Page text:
DEVIL AT WESTEASE by V. Sackville-West

DEVIL AT WESTEASE

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KIRKUS REVIEW

If this did not bear the name of Sackville-West, it would be classed as a better-written-than-average mystery romance. Double show it in that department- and give it a rental library mystery fan de luxe play... The story is told by a young and apparently rich author, recently of the RAF, who seeks a place of retirement in a remote and charming village. He learns, through a garrulous landlord, a good deal of his neighbore to be; he purchases an enchanting old mill and adjoining farm; he meets the benevolent professor whose interest in old coins leads him to give our author one as a memento; he acquires great distaste for a cynical and crotchety artist, whose brilliance he acknowledges; and he falls in love with the saintly rector's daughter. And then the rector is married, the daughter, is suspect, the professor disappears- and the denouement provides an original twist, and a surprise decision, which the author saves (thereby hurting her story) with an artificial anticlimax. But while she is telling her tale, she provides good reading, good atmosphere.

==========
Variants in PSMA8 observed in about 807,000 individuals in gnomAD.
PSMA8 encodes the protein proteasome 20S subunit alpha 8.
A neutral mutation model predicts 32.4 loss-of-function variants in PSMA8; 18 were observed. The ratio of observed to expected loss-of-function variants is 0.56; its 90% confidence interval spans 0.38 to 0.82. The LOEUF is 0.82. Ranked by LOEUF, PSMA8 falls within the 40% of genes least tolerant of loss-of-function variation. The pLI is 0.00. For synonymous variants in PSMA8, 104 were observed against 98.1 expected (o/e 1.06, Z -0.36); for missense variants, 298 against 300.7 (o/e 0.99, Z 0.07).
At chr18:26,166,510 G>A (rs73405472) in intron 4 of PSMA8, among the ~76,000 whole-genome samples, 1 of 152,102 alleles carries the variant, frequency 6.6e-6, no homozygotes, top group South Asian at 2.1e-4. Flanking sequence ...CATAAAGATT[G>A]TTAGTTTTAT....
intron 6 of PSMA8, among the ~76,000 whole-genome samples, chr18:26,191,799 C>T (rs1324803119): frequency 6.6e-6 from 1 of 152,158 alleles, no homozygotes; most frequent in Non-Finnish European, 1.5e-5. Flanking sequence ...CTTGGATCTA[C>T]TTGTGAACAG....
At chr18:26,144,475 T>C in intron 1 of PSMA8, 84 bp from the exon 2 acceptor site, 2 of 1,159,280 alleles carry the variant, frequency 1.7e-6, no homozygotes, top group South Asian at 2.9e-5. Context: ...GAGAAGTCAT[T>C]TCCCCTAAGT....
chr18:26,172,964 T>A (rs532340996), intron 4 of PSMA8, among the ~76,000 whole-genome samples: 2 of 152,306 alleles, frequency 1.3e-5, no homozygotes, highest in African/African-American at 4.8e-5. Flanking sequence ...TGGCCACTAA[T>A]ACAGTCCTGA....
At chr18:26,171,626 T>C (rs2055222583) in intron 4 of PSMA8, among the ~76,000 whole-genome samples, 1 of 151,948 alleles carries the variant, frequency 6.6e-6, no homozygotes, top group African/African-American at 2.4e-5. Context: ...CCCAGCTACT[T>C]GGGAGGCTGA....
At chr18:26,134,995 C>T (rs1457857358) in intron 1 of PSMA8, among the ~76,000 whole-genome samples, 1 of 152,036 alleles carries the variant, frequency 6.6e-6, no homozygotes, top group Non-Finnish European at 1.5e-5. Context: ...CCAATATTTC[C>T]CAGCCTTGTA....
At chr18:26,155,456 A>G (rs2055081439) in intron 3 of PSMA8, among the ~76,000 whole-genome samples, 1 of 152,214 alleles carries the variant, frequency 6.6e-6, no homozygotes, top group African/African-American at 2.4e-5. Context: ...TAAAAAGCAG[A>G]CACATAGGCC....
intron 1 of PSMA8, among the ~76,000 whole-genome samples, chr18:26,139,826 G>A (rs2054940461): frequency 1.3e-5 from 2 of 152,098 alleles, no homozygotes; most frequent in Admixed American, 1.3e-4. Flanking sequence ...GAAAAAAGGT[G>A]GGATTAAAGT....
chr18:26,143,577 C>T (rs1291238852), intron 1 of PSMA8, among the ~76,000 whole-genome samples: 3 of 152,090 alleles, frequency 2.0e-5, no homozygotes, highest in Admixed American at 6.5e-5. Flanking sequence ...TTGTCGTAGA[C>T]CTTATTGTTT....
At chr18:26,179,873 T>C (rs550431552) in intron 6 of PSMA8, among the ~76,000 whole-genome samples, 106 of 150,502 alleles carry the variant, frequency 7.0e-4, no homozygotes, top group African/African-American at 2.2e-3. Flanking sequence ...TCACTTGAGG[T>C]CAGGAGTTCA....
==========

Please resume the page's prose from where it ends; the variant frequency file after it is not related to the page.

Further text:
Pub Date: May 8th, 1947
Publisher: Doubleday